Tuesday, August 9, 2011

Matson to Suspend CLX2 China Service

Ocean carrier Matson Navigation announced Monday that in August it will discontinue the expanded China–Long Beach Express service (CLX2) started last August, citing sustained high fuel prices, downward rate pressure and overcapacity in the transpacific trade.

Matson said that discontinuing the CLX2 service, which includes service to and from Hong Kong, Yantian, Shanghai and Long Beach, will have no impact on Matson’s original China–Long Beach Express service (CLX1), which will continue to operate. The CLX1 service was launched in 2006 and provides expedited service from Xiamen, Ningbo and Shanghai to Long Beach. The discontinuing of the CLX2 service will also not affect the carrier's Hawaii or Guam services.

According to Matson, a wholly owned subsidiary of Honolulu-based Alexander & Baldwin, Inc., the "cost model for the two services is considerably different, with the CLX1 service benefiting from round trip economics, generating revenue for both westbound and eastbound voyages."

The CLX2 service provided direct service from Long Beach to China, Matson said, resulting in a cost model entirely dependent on the market conditions of the transpacific trade, which is currently challenging for most carriers as a result of chronic high fuel costs and aggressive rate actions in the trade.

“Matson’s expanded service that was launched last year succeeded in achieving our service goals and building on our customer base,” Matson President Matt Cox said.

“Unfortunately, the economics of the transpacific trade have shifted dramatically in the relatively short time since we developed the model. Sustained high fuel prices, rate volatility and overcapacity in the Asia market have made this growth initiative unprofitable. Unlike Matson’s first China–Long Beach Express, which includes calls in Hawaii and Guam en route to China, resulting in revenue for both westbound and eastbound voyages, the second string sailed directly from Long Beach to China, making the economics of the service during this period exceptionally difficult."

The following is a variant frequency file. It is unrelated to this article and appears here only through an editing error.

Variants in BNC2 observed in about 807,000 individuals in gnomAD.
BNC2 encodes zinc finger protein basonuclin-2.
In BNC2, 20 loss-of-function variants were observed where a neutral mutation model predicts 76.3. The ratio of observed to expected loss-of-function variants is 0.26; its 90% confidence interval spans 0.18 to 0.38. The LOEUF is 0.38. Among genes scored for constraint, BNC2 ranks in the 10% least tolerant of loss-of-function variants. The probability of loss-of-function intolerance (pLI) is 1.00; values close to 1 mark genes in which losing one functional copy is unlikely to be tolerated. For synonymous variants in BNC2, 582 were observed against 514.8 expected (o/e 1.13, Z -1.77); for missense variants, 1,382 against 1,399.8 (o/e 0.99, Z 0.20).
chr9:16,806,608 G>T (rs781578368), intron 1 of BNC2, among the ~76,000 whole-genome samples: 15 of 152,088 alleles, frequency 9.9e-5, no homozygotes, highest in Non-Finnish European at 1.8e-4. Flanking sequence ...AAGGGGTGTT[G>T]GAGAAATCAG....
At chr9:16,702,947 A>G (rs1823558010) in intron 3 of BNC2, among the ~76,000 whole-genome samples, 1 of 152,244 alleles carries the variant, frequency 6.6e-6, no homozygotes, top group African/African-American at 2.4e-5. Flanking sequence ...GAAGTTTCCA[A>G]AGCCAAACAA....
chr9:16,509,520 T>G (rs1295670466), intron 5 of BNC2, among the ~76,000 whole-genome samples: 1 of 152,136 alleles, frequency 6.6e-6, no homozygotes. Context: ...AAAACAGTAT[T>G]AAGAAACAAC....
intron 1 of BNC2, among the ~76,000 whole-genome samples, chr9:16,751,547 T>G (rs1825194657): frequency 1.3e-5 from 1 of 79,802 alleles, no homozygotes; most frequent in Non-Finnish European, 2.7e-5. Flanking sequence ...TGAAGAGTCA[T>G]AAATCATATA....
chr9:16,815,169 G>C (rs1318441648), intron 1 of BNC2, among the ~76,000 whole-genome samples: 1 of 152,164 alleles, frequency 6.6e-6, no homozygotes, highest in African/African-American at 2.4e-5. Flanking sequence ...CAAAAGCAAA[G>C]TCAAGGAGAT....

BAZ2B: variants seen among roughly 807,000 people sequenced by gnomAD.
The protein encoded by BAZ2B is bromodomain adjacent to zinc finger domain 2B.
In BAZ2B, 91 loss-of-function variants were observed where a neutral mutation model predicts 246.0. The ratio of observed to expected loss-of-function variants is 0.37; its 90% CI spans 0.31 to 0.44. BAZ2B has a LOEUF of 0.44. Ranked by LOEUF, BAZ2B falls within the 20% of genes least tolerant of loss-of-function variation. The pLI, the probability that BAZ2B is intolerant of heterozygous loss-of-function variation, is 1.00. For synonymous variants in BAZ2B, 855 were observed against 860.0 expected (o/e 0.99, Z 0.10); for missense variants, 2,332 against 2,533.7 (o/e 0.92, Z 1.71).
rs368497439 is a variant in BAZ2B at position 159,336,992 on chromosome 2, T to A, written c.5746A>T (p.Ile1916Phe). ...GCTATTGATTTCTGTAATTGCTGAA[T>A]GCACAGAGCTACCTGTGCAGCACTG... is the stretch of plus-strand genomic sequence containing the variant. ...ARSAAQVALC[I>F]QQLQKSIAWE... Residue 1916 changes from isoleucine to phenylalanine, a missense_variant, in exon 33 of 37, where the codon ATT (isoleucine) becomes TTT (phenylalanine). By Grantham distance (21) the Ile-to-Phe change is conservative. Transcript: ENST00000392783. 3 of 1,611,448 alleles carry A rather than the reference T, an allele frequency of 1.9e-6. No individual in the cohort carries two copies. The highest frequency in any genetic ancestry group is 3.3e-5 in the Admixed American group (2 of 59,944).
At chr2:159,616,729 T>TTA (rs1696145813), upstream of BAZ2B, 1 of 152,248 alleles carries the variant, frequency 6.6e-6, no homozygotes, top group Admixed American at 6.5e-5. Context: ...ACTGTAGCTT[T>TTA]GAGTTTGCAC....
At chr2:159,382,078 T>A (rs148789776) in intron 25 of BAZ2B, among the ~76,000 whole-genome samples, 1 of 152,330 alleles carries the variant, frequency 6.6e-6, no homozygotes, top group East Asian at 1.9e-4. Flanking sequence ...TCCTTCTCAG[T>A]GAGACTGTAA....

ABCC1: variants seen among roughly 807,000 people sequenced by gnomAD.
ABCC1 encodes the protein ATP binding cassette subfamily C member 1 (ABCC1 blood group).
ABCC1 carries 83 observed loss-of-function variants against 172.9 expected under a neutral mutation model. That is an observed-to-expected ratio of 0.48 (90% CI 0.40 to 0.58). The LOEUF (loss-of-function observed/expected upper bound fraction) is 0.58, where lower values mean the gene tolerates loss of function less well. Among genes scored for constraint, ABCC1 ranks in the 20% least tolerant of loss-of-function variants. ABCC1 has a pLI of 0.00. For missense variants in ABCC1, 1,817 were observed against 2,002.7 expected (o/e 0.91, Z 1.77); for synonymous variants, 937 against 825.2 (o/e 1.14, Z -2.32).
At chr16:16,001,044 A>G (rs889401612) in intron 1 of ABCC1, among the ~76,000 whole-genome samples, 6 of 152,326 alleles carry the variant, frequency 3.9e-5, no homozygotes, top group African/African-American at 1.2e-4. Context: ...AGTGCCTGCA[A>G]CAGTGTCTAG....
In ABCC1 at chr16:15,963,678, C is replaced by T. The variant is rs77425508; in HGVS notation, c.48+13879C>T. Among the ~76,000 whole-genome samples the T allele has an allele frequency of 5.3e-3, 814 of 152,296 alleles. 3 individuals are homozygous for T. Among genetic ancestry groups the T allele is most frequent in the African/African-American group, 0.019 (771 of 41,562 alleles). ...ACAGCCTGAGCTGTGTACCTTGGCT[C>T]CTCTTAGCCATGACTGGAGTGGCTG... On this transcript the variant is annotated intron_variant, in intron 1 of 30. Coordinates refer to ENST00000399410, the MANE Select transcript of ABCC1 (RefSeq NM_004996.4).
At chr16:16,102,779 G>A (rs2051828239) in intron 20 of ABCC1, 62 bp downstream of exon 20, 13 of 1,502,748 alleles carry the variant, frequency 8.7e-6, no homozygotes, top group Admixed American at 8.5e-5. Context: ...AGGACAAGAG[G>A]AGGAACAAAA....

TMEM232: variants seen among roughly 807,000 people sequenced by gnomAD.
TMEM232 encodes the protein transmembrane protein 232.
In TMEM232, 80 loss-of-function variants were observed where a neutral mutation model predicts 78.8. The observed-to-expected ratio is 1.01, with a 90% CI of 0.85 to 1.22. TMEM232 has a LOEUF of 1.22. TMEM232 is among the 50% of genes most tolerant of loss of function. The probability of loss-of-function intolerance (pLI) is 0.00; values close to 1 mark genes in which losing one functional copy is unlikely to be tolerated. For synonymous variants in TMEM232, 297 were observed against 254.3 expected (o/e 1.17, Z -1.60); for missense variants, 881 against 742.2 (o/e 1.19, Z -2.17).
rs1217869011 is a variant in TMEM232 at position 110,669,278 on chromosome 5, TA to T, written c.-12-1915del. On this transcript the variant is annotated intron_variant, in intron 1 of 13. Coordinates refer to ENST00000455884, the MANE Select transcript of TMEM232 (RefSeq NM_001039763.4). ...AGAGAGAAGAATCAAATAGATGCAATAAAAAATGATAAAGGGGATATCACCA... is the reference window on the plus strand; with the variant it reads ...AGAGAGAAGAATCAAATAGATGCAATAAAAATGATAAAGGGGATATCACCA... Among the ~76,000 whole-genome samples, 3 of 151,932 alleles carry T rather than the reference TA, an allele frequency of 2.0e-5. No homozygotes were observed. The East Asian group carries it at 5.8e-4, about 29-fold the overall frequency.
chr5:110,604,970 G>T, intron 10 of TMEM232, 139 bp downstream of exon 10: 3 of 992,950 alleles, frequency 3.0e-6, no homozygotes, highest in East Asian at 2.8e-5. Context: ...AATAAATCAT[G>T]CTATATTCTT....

Cox reiterated that since its inception, Matson’s original CLX1 service has weathered comparable negative operating environments in the transpacific trade.

"We are confident in the long term viability of that service and remain committed to delivering a premium service for our customers, distinguished by fast transit times, industry leading on time arrivals and next day cargo availability," Cox said.

The last eastbound sailing on the CLX2 service will depart Shanghai on August 21. Westbound service from Long Beach to China will continue until September 3.

“Matson appreciates the support our customers gave to this expansion of our China service,” Cox added. “The decision to discontinue the service was difficult but necessary, and was due entirely to the financial component of the expansion.”